State Taxes Impact Business Sales

October 28, 2021 HoganTaylor

Business owners sometimes decide to put their companies on the market. When doing so, they may focus on the federal tax implications of a sale and ignore the state tax implications, too. This brief article touches on some key issues regarding state taxes.

For various reasons, business owners will put their companies on the market. To successfully negotiate the sale of a business, it’s critical to understand the tax implications of the various transaction structures and sales price allocation to quantify the net proceeds after all taxes. Armed with this knowledge, the sales price should be adjusted accordingly.

Business owners tend to focus on the federal tax implications of a sale. Don’t ignore state taxes including sales tax, income tax and multi-state claims on the gain. Federal tax rates are lower than they’ve been in the past; state taxes may take on added significance. If applicable, relocating to a state with lower taxes before the sale may reduce the tax bill.

Before you attempt this strategy, consult a qualified tax advisor. Changing your business location and residence for tax purposes isn’t like flipping a switch. You’ll need to take several specific actions to demonstrate your intent to establish a permanent place of business in the new state, including registering with the state and confirming to various state reporting rules. For proof of a change of resident state, moving to a local residence, obtaining a driver’s license, registering to vote, and becoming involved with local organizations and activities provide evidence of the change.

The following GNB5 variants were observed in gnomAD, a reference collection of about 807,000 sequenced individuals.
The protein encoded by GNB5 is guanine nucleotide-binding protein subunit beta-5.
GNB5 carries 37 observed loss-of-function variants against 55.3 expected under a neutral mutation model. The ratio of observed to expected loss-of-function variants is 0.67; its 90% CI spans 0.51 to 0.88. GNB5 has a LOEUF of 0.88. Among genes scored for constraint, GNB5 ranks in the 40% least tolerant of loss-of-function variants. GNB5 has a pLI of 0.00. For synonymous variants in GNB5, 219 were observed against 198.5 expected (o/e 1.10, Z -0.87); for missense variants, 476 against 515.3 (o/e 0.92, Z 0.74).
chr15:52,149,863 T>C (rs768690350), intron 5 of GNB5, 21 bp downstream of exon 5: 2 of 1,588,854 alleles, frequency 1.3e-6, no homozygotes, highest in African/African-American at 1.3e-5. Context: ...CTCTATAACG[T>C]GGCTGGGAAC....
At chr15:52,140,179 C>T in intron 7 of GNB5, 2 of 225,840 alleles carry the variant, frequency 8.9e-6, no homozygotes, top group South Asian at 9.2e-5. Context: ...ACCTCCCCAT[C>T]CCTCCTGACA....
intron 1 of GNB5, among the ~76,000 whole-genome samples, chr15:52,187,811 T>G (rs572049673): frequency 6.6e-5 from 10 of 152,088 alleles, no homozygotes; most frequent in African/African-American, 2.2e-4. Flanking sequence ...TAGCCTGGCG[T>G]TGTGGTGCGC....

There may be rules about the number of days spent in the state to establish residency. For instance, if you live in your “old” state most of the year and spend only a couple months in your new state, you could find for tax purposes, you’re deemed a resident of both states. We can help you prepare for the state tax implications of a business sale and personal relocation.

The HoganTaylor Tax Practice

If you have any questions about the content of this publication, or if you would like more information about HoganTaylor's Tax practice, please email Tony Otto, Tax Practice Lead, at You may also contact Denise Felber, Tax Partner, at

INFORMATIONAL PURPOSE ONLY. This content is for informational purposes only. This content does not constitute professional advice and should not be relied upon by you or any third party, including to operate or promote your business, secure financing or capital in any form, obtain any regulatory or governmental approvals, or otherwise be used in connection with procuring services or other benefits from any entity. Before making any decision or taking any action, you should consult with professional advisors.

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